UNIT 1.1 Receptors as Drug Targets
Published Online: 1 APR 2006
Copyright © 2006 by John Wiley & Sons, Inc.
Lab Protocol Title
Current Protocols in Pharmacology
How to Cite
Williams, M. and Raddatz, R. 2006. Receptors as Drug Targets. Current Protocols in Pharmacology. 32:1.1:1.1.1–1.1.18.
- Published Online: 1 APR 2006
- Published Print: MAR 2006
Receptors, located on both the cell surface and within the cell, are the molecular targets through which drugs produce their beneficial effects in various disease states. Receptors were initially conceptualized at the beginning of the 20th century by the parallel efforts of Ehrlich and Langley. The concepts of the receptor and receptor theory, based on the Law of Mass Action, have undergone continuous refinement as they have been characterized in terms of their molecular structure, association with ancillary proteins (e.g., G proteins, arrestins, RAMPs), and functional characteristics in normal and diseased tissues. The concepts describing ligand interactions with receptors have also been refined from the simple binary concept of competitive agonists and antagonists to partial agonists, allosteric modulators and inverse agonists. Concepts such as receptor constitutive activity, internalization and dimerization add additional complexity to the role of receptors in tissue function and in precisely characterizing their role in homeostasis and disease.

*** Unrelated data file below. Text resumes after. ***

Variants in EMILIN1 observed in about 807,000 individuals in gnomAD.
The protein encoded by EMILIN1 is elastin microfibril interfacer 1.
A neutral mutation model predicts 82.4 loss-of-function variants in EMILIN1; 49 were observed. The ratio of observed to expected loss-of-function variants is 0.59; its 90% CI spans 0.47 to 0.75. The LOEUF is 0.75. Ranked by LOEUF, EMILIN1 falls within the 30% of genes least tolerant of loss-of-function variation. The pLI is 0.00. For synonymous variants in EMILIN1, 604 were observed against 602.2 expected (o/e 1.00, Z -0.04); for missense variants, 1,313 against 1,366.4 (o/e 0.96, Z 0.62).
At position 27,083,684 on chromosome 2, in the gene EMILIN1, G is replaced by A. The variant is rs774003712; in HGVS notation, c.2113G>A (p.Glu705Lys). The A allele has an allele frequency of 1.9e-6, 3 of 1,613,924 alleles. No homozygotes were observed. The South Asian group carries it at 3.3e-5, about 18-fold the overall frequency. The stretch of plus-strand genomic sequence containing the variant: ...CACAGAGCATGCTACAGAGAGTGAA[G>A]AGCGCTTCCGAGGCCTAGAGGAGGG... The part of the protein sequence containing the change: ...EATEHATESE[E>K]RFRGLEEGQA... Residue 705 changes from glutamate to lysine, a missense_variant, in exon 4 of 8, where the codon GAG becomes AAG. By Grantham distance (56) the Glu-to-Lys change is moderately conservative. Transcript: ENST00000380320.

- antagonist allosteric modulator;
- G protein-coupled receptor;
- heterotrimeric G protein;
- ion channels;
- new chemical entity (NCE);
- orphan receptor;
- structure activity relationship (SAR)